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NASA’s Parker Solar Probe ‘touch the Sun’ on historic mission

Image of NASA’s Parker Solar Probe in front of the Sun (Credits: NASA/Johns Hopkins APL/Steve Gribben)

CAPE CANAVERAL – NASA is set to launch its Parker Solar Probe Saturday on a historic mission that “touch the Sun.”

The solar probe will be the first spacecraft to fly by the Sun (the corona is the outermost part of the atmosphere of the star. “Parker Solar Probe will revolutionize our understanding of the Sun,” says NASA on its website.

“The coolest, hippest mission, baby, that’s what it is,” said Nicola Fox, the project scientist at the Johns Hopkins University.

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Parker will blast off aboard a United Launch Alliance Delta IV Heavy rocket from Space Launch Complex 37 at Cape Canaveral Air Force Station, Florida. The 65-minute launch window for the mission opens at 3:33 pm EDT on Aug. 11, 2018.

The probe will be confronted with “brutal” heat and radiation in an epic journey that will take you to within 3.8 million miles of the Sun’s surface, according to the space agency. This is seven times closer than the previous closest spacecraft, Helios 2, which came within 27 million miles of the Sun in 1976.

The average distance between the Sun and the Earth is 93 million miles.

Parker must withstand temperatures of more than 2500 degrees Fahrenheit to his daring mission. To achieve this, the probe can be protected by a special 4.5-inch-thick carbon-composite shield. Safe in the spaceship, but the probe’s payload works at room temperature.

The use of Venus’ gravity, Parker will complete seven flybys more than seven years gradually its orbit closer to the Sun. At its closest approach, the probe will travel in approximately 430,000 km / h.

Scientists expect that the $1.5 billion mission to shed light not only on our own dynamic Sun, but the billions of other yellow dwarf stars — and other types of star in the Milky way and beyond. While granting us life, the Sun also has the power to interfere with spacecraft in orbit, and communications and electronics on Earth.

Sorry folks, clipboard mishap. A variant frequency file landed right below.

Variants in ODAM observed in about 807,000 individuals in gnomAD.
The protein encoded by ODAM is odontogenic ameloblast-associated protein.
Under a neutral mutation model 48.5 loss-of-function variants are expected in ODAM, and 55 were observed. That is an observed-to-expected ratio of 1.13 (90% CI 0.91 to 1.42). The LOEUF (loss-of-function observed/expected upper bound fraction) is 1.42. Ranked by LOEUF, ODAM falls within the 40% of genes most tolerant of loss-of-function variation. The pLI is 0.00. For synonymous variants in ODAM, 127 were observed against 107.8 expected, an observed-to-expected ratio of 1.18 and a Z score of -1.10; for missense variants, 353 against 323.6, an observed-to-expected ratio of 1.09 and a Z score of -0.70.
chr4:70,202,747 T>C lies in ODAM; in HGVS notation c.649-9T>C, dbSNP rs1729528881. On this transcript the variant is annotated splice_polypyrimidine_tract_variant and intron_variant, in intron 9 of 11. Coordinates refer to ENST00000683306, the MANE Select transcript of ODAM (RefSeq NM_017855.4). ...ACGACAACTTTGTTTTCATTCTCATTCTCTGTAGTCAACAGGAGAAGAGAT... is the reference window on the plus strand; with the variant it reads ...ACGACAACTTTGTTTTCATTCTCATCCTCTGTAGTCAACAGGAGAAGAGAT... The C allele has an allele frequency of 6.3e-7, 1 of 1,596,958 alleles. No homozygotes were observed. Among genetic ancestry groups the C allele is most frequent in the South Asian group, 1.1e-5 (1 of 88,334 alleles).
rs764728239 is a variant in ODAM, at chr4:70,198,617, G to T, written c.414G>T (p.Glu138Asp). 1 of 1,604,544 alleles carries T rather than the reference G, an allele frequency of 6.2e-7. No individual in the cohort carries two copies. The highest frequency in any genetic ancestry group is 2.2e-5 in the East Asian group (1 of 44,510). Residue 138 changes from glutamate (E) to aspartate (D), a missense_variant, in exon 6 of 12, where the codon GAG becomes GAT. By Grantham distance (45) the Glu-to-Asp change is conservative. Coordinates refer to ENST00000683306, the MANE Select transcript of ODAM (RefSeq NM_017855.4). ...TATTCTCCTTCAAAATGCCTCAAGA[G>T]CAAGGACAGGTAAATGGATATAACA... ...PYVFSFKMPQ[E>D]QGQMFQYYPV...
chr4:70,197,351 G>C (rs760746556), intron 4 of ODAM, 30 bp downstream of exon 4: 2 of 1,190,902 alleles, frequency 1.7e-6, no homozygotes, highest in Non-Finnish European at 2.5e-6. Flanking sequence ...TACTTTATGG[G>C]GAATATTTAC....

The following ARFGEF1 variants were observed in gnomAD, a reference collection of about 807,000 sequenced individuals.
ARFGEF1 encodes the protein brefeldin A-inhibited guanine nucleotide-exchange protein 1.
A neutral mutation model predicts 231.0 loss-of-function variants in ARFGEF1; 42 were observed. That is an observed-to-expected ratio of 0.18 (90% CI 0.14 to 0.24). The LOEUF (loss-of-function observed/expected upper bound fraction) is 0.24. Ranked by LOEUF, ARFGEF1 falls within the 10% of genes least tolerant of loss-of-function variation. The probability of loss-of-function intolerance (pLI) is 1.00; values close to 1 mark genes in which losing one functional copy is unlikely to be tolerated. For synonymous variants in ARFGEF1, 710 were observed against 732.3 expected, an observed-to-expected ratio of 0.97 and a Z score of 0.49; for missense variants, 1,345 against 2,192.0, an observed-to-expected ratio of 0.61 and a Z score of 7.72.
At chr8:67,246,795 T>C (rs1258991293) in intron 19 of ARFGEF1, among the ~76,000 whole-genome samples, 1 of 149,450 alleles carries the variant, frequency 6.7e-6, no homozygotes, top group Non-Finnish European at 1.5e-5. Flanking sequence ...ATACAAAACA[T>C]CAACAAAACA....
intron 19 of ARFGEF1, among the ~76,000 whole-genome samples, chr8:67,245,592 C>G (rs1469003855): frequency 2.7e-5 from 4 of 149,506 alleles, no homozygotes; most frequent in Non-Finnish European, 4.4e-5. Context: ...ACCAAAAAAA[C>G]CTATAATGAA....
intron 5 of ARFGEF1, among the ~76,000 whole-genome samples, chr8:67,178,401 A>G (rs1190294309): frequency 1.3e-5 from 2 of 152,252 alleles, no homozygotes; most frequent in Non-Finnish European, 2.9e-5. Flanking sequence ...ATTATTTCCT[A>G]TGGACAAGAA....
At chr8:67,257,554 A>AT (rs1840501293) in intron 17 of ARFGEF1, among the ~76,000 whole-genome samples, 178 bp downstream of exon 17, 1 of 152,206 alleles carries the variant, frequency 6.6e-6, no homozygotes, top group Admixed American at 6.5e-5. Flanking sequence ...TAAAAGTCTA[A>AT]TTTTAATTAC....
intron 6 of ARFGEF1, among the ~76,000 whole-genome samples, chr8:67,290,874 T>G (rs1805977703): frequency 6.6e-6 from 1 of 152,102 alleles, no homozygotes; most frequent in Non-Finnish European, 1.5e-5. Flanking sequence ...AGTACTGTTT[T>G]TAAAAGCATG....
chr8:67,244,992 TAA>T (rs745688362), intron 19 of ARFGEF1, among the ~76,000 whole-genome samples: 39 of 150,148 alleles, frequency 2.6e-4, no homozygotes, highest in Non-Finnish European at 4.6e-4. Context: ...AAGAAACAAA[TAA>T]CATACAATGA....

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Parker was designed and built by the Applied Physics Laboratory of the Johns Hopkins University.

The probe, named after a pioneering solar physicist Dr. Eugene Parker, will be a treasure trove of valuable data for scientists.

The Sun is the source of the solar wind, a stream of ionized gases that flow along the Earth at a million miles per hour, the space agency explains. “Disturbances in the solar wind shake the Earth’s magnetic field and pump energy into the radiation belts, part of a set of changes in the area of the Earth known as space weather,” it says. “The space can the orbits of the satellites, shorten their life, or interfere with integrated electronics. The more we learn about what the causes of space weather to predict the more we can protect the satellites we depend on.”

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NASA adds that the solar wind dominates the environment in the space far outside the Earth. “If we send space ships and astronauts further and further from home, we must understand this environment in the space, just as early navigators needed to understand the ocean,” he explains.

The project was presented in 1958 to a new NASA, and “60 years later, and it is becoming a reality,” says project manager Andy Driesman, also of Johns Hopkins, who designed and built the spacecraft. The technology to survive such a close solar encounter, while still being light enough for the flight, was not available until now.

The instruments on board, Parker will be the study of magnetic fields, plasma and energetic particles as well as the image of the solar wind.

The Sun, the corona, which can be seen during a total solar eclipse, is mostly hidden by the bright light of the star from the surface. “That makes it difficult to see without the use of special instruments,” the space agency explains.

United Launch Alliance is also involved in NASA’s Commercial Crew program that the American astronauts in the space missions launched from U.S. soil. Since the retirement of the space shuttle in 2011, the U.S. has been relying on the Russian Soyuz rockets launched from the Baikonur Cosmodrome in Kazakhstan, astronauts to the International Space Station.

Last week NASA, with the name of the nine American astronauts who the crew of the test flights and the first missions of the Boeing CST-100 Starliner and SpaceX Crew Dragon spacecraft. The Starliner will launch on a ULA Atlas V rocket.

The Associated Press contributed to this story. Follow James Rogers on Twitter @jamesjrogers

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